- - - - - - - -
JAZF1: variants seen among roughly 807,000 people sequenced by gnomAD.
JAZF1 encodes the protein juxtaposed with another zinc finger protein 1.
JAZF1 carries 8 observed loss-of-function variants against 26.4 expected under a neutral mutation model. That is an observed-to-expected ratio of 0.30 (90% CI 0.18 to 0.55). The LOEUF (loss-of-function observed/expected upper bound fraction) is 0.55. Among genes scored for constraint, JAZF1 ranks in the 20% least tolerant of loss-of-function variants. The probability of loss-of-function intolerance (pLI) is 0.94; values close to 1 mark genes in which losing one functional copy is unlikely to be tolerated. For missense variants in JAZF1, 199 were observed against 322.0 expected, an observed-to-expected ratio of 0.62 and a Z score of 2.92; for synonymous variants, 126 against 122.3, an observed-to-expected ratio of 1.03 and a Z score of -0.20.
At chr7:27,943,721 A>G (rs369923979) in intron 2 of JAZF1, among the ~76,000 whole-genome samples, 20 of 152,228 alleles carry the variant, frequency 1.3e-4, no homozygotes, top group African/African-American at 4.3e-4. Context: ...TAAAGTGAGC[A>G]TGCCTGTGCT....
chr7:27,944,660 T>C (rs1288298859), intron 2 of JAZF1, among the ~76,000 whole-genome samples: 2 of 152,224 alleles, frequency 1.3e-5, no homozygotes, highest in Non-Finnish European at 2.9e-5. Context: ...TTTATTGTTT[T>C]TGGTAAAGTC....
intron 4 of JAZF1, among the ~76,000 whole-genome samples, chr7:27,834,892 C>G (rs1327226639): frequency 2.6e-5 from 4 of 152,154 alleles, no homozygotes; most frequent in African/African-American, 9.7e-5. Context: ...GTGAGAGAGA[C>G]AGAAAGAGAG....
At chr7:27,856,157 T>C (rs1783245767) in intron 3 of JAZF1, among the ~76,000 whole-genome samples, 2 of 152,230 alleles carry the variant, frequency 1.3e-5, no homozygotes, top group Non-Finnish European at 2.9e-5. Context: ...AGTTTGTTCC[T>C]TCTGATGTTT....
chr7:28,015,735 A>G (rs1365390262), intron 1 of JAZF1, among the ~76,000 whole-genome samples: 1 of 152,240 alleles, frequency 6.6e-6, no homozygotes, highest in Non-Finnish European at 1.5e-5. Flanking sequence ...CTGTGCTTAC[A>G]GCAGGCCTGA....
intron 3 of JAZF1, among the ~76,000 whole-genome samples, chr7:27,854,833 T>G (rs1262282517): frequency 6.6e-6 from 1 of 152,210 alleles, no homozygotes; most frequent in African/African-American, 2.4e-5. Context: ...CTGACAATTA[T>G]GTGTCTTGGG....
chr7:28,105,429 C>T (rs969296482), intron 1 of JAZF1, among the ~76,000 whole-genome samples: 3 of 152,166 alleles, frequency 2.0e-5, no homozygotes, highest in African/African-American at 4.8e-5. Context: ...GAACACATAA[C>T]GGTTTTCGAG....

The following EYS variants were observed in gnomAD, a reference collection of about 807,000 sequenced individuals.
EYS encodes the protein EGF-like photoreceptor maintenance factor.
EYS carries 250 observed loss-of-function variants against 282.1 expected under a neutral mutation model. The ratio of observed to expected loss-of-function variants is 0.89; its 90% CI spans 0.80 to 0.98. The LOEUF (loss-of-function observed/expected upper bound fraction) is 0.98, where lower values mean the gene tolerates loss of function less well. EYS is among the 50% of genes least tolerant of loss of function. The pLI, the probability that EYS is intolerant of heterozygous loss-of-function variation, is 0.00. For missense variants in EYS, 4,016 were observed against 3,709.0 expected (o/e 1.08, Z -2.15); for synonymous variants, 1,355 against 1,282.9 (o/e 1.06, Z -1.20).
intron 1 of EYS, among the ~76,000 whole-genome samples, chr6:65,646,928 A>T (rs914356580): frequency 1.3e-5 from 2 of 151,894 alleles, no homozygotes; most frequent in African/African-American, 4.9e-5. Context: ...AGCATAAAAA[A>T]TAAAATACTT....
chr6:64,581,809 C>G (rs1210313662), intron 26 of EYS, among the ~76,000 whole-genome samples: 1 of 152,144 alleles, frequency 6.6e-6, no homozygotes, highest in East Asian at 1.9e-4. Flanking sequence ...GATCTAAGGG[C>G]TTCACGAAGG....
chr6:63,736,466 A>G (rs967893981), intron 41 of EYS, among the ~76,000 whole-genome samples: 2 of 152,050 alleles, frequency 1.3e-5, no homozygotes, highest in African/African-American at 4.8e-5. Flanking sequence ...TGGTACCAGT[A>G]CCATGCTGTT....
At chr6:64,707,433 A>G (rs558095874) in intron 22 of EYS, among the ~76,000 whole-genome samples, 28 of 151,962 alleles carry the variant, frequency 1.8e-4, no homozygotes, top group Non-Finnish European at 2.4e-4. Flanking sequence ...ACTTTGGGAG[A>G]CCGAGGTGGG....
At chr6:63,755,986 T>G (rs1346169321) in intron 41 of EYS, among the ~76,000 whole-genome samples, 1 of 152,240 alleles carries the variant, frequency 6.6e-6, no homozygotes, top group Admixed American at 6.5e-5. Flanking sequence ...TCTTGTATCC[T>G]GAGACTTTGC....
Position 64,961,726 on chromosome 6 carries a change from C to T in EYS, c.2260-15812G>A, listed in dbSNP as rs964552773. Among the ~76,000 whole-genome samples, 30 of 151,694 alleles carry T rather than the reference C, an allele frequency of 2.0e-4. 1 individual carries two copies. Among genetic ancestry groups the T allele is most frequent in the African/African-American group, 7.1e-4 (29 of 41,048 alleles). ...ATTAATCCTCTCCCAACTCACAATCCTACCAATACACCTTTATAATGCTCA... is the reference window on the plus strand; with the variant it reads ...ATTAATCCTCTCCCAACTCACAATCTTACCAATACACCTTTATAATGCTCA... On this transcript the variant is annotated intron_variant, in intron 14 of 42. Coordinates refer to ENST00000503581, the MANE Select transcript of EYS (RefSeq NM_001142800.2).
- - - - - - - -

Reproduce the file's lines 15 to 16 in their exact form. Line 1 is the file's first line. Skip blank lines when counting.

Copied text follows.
chr6:64,581,809 C>G (rs1210313662), intron 26 of EYS, among the ~76,000 whole-genome samples: 1 of 152,144 alleles, frequency 6.6e-6, no homozygotes, highest in East Asian at 1.9e-4. Flanking sequence ...GATCTAAGGG[C>G]TTCACGAAGG....
chr6:63,736,466 A>G (rs967893981), intron 41 of EYS, among the ~76,000 whole-genome samples: 2 of 152,050 alleles, frequency 1.3e-5, no homozygotes, highest in African/African-American at 4.8e-5. Flanking sequence ...TGGTACCAGT[A>G]CCATGCTGTT....